Oak acorns
These acorns were collected days after the Wooster Tornado of 2010. Come visit Secrest today and enjoy the thousands of trees added since the thousands were lost September 16, 2010


  “The environmental tree-stories also are quite meaningful to Frances Strickland. We have a project with the Heritage Gardens at the Governor’s Residence in Bexley with both Frances and Former First Lady Hope Taft, documenting the energy savings, carbon sequestration benefits, and stormwater remediation and air quality benefits of trees in the Heritage Garden and surrounding Bexley streets.


  “Birch bark. The cinnamon colors of exfoliating bark of our native river birch (Betula nigra) is an attractive addition to the Secrest box and fortunately removal of this ornamental, peeling outer bark on birches does not harm the tree. Birches also resonate with President Grimmson since they are a major part of the reforestation efforts in Iceland. In fact, he agreed with a report I had found from their forestry commission that “the future of forestry in Iceland is very bright”. Iceland once had birch forests that were largely denuded by settlers, and now are being replanted. Not river birches, native here, but Betula pubescens, an Old World birch species.


River birch and its bark


  “An interesting story from OARDC research by OSU entomologists Dave Nielsen and Dan Herms tells the story of evolutionary adaptation of these two birches. Our native birches such as Betula nigra do not die from infestations of the bronze birch borer insect, which is itself native to North America. These natural selection survivors over long periods of time thrive because of evolved mutations making them resistant to this native insect. European birches such as Betula pubescens and Asian birches died early in the studies: not many years of evolutionary history – not enough genetic resistance to the insect.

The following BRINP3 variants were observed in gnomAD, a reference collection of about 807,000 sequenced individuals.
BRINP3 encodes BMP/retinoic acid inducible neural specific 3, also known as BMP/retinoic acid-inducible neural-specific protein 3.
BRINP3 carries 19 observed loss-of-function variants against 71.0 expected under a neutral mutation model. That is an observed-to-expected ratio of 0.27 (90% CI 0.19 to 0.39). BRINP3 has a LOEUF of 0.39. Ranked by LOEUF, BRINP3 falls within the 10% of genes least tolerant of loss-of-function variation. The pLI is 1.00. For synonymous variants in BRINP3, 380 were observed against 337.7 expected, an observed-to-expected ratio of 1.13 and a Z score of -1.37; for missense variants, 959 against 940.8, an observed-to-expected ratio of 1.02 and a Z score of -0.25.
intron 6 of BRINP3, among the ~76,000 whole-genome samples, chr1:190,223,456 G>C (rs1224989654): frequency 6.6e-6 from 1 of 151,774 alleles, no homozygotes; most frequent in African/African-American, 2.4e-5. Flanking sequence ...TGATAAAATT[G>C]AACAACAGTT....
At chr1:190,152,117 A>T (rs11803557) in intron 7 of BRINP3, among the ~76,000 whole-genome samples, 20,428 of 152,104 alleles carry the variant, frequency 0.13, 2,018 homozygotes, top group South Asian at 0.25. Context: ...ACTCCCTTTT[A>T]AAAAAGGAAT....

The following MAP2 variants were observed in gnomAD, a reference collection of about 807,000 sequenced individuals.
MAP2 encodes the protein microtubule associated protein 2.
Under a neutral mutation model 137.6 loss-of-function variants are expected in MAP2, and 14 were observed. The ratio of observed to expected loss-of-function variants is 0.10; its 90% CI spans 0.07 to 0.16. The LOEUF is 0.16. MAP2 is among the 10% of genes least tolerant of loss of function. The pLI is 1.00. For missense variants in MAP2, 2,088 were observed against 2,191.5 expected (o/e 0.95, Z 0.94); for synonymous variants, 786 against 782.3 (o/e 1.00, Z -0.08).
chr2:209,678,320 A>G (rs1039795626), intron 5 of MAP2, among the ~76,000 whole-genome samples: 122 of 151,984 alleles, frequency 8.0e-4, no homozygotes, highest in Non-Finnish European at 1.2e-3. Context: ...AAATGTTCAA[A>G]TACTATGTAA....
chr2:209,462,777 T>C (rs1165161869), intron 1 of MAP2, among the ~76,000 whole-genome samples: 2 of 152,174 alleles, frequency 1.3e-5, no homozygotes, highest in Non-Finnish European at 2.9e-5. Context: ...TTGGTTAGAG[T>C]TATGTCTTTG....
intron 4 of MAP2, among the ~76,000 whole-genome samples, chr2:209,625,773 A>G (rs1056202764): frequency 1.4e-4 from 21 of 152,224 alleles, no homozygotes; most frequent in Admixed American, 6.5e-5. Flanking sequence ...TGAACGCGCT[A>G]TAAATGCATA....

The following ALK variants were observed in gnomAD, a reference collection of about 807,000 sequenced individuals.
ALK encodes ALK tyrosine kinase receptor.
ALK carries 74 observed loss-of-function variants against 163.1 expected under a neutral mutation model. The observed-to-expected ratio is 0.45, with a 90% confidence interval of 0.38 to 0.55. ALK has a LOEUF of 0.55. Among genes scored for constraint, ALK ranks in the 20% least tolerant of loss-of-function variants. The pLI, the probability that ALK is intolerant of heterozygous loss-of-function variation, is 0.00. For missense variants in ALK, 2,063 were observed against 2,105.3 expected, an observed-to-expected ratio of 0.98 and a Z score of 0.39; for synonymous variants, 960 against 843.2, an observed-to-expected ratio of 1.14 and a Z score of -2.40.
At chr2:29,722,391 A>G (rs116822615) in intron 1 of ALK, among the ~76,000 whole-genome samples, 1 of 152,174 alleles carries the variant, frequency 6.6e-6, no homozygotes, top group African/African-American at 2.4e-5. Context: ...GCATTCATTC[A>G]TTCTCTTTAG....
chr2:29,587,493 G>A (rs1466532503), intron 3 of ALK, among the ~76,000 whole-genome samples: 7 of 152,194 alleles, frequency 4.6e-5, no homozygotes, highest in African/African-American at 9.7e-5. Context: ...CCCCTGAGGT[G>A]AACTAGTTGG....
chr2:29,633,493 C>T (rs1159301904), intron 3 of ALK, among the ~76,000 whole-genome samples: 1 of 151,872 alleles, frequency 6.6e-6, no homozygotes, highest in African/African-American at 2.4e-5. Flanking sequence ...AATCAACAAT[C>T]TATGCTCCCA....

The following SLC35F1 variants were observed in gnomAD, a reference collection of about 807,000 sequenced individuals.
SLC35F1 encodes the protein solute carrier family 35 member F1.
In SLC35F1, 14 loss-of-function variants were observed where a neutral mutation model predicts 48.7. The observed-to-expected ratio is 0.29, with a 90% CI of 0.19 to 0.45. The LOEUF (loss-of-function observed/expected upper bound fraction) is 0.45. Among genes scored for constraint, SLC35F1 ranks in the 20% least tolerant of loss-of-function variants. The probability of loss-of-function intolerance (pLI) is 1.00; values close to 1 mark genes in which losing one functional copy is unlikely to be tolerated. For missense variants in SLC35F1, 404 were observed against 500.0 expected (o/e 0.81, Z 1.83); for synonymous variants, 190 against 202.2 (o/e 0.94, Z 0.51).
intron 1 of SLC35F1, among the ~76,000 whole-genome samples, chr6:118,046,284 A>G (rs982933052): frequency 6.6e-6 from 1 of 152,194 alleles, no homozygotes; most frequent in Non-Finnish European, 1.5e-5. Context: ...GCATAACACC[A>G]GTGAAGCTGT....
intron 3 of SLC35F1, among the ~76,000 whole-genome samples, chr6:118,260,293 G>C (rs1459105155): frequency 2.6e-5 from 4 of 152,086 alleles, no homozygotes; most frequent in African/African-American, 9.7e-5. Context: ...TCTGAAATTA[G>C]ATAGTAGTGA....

“We shared much more in our Arboretum in A Boxes with our curious, accomplished and gracious visitors these past few days, from the delicate flower bud panicles developing on Pieris shrubs to the small but stout chambered cones of Metasequoia (dawnredwoods) found in the fossil records of both Iceland and Ohio.  Metasequoia then declined worldwide except in remote mountain valleys in China, but for the past years are now being replanted again throughout the world. Dawnredwoods now grace both Secrest and the Heritage Garden – and are pleasing to look at in isolation – as cones in the Arboretum in a Box.


Arboretum in a box including dawnredwood cones
Female dawnredwood cones in the upper left; male dawnredwood cones in the upper right


Chadwick Arboretum in an Egg Container
Chadwick Arboretum in an Egg Container by the incomparable Sharon Treaster for their Tree Campus Arboblitz


  “One last story from Iceland, an appropriate land to feature as we move toward our just- around-the-weekend winter wonderland arrival. President Grimsson noted that one of the challenges of reforestation efforts in Iceland is that when the trees grow higher, which is also when they grow and grow in their environmental benefits, some people want them cut down because they obscure their vast panoramic Icelandic views. Which brings us to this poem by Tess Gallagher:”


“I go to the mountain side
of the house to cut saplings,
and clear a view to snow
on the mountains. But when I look up,
saw in hand, I see a nest clutched in
the uppermost branches.
I don’t cut that one.
I don’t cut the others either.
Suddenly, in every tree,
An unseen nest
where a mountain
would be.”